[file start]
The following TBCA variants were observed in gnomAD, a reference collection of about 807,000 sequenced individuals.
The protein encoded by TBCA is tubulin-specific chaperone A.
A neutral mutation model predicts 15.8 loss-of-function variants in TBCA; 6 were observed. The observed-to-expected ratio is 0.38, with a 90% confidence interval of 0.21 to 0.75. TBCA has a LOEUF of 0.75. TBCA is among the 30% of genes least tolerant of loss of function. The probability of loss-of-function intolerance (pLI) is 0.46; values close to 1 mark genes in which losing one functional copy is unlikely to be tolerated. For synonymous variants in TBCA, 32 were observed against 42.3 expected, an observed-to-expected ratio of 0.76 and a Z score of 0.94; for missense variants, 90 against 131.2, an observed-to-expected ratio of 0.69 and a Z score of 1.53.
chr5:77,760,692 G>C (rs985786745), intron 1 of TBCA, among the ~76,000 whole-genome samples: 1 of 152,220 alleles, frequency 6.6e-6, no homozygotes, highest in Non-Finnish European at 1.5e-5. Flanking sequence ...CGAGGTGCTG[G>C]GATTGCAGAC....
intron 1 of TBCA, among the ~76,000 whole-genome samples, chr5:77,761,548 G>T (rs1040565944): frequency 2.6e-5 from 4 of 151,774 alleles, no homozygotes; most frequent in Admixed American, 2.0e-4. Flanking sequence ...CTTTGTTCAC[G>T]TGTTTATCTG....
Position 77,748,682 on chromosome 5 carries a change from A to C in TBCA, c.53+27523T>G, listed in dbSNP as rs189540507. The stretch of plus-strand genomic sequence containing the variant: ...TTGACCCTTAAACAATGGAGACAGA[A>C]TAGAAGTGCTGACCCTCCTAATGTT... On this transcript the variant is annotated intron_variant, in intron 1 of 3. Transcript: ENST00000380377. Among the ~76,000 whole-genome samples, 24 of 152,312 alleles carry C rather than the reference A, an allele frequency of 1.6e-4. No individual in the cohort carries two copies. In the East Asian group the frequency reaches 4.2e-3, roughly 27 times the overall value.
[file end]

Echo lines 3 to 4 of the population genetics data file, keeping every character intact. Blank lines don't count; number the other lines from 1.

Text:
A neutral mutation model predicts 15.8 loss-of-function variants in TBCA; 6 were observed. The observed-to-expected ratio is 0.38, with a 90% confidence interval of 0.21 to 0.75. TBCA has a LOEUF of 0.75. TBCA is among the 30% of genes least tolerant of loss of function. The probability of loss-of-function intolerance (pLI) is 0.46; values close to 1 mark genes in which losing one functional copy is unlikely to be tolerated. For synonymous variants in TBCA, 32 were observed against 42.3 expected, an observed-to-expected ratio of 0.76 and a Z score of 0.94; for missense variants, 90 against 131.2, an observed-to-expected ratio of 0.69 and a Z score of 1.53.
chr5:77,760,692 G>C (rs985786745), intron 1 of TBCA, among the ~76,000 whole-genome samples: 1 of 152,220 alleles, frequency 6.6e-6, no homozygotes, highest in Non-Finnish European at 1.5e-5. Flanking sequence ...CGAGGTGCTG[G>C]GATTGCAGAC....